Any syrupy ideas I might have had about jail were erased when the door banged shut to my holding cell. The five young men who sat on the bolted down metal benches, which lined both sides of the cell, followed me with their dark eyes as I sat down in the far right corner. A stainless steel toilet without a lid stood next to a small sink in the middle of the back wall. No privacy here, I thought.
“Hey, old white man, what terrible crime have you committed that the police would lock you up with five MS-13 homies charged with murder?” asked a young man covered with tattoos and wearing a white tank top.
My ears perked up with the mention of MS-13, also known as the Mara Salvatrucha. It’s the most violent gang in the United States with its members known for their cruel murders and merciless revenge.
“I preached the gospel of Jesus Christ to the LGBT parade watchers down in the Castro District. Some became angry and kicked me around like an old football. I was charged with a hate crime.”
“Did you fight back, old man?” asked a short young man with teardrops tattooed under both eyes.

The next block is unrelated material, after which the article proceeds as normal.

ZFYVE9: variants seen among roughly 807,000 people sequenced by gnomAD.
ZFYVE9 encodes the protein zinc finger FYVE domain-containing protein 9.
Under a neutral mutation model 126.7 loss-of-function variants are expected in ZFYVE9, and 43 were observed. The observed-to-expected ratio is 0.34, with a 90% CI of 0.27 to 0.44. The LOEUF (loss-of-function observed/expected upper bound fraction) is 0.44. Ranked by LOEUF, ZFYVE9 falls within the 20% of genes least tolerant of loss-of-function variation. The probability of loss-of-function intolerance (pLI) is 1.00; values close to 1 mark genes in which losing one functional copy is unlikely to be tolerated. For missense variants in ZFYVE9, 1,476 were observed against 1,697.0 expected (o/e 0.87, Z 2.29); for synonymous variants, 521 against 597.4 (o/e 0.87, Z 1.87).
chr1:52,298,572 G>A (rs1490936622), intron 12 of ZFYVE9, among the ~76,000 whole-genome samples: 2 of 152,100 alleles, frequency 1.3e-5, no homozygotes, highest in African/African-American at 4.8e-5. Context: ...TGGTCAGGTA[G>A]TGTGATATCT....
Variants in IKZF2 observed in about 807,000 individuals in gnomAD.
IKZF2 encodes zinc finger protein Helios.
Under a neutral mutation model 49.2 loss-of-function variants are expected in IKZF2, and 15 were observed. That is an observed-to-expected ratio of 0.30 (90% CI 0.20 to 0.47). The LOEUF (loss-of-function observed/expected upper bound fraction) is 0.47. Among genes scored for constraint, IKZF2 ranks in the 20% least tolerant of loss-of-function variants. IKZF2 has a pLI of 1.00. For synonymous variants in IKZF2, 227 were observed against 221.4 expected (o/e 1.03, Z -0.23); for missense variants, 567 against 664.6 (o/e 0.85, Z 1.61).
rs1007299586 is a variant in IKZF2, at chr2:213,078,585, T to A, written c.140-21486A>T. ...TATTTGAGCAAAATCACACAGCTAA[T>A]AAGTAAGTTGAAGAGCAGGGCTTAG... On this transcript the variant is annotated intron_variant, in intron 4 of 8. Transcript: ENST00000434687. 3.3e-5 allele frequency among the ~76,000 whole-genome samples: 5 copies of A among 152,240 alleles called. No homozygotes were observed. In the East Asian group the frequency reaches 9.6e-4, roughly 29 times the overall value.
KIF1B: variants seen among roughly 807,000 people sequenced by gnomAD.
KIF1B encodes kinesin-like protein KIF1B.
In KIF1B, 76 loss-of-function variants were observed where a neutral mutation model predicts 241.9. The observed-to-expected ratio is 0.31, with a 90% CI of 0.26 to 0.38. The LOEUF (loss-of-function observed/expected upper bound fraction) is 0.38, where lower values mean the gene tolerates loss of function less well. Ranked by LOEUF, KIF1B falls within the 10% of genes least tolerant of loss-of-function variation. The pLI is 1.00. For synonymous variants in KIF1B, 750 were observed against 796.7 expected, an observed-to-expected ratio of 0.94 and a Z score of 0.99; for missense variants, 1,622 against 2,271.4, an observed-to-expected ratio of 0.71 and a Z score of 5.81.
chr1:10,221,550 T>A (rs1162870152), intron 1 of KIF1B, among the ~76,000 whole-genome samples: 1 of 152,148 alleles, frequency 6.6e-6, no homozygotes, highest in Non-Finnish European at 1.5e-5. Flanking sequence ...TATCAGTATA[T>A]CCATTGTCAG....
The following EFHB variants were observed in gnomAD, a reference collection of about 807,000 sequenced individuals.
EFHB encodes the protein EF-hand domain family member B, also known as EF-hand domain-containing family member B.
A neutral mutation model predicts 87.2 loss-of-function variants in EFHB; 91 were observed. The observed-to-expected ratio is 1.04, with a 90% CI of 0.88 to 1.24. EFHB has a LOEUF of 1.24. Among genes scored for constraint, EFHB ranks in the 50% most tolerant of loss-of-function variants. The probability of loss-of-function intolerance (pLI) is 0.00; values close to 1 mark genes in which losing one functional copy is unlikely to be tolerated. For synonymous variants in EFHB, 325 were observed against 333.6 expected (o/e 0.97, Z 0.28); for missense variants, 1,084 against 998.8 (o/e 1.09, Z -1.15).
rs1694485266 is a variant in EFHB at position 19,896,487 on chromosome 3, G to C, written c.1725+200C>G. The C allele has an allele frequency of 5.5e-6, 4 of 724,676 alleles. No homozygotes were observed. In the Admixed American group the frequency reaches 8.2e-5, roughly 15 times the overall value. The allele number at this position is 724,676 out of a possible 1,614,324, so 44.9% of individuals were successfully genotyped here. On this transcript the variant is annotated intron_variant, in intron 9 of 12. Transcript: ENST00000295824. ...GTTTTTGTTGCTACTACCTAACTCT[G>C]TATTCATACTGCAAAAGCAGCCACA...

“No, of course, not,” I replied.
The five laughed and slapped each other on the back as if my words were the funniest ones ever spoken.
“Old man, that is hilarious!” said the biggest youth with a large scar on his neck. “You preach the gospel to gays and lesbians. Then they beat and kick the crap out of you, but you don’t fight back. And you’re the one who gets charged with a hate crime. We MS-13 homies understand that type of justice. So, what happened to the gays who did this to you?”
I rubbed my baldhead and shrugged. “I don’t know, but I pray that God won’t hold their actions against them.”
The same youth leaned toward me. “Do you really think God cares about gays and lesbians?”
“Yes, and not only that, He cares and loves you, too.”
“Old white man, now you’ve gone too far.”
The five leaned back and closed their eyes, ignoring my presence.
I sat there, checking myself out. My broken nose hurt. My ribs were sore and all of the other bruises added to my suffering. Blood covered the front of my blue oxford shirt and khaki slacks. Yet, in the midst of my pain and bloody clothing, I wanted to jump and shout and praise God because He counted me worthy to suffer for His name.
“Lord,” I prayed softly, “thanks for giving a seventy-three year old geezer, like me, a second chance to be a part of the action and not allowing me to retire from Your kingdom work. And Lord, use me even more in the days ahead.”
The Lord reminded me of this prayer often in the days following it.
(A new sequel to Unhitched Geeser, which can be checked out here.)
(Continued in Part 3…the first 9 parts are reruns and can be read here.)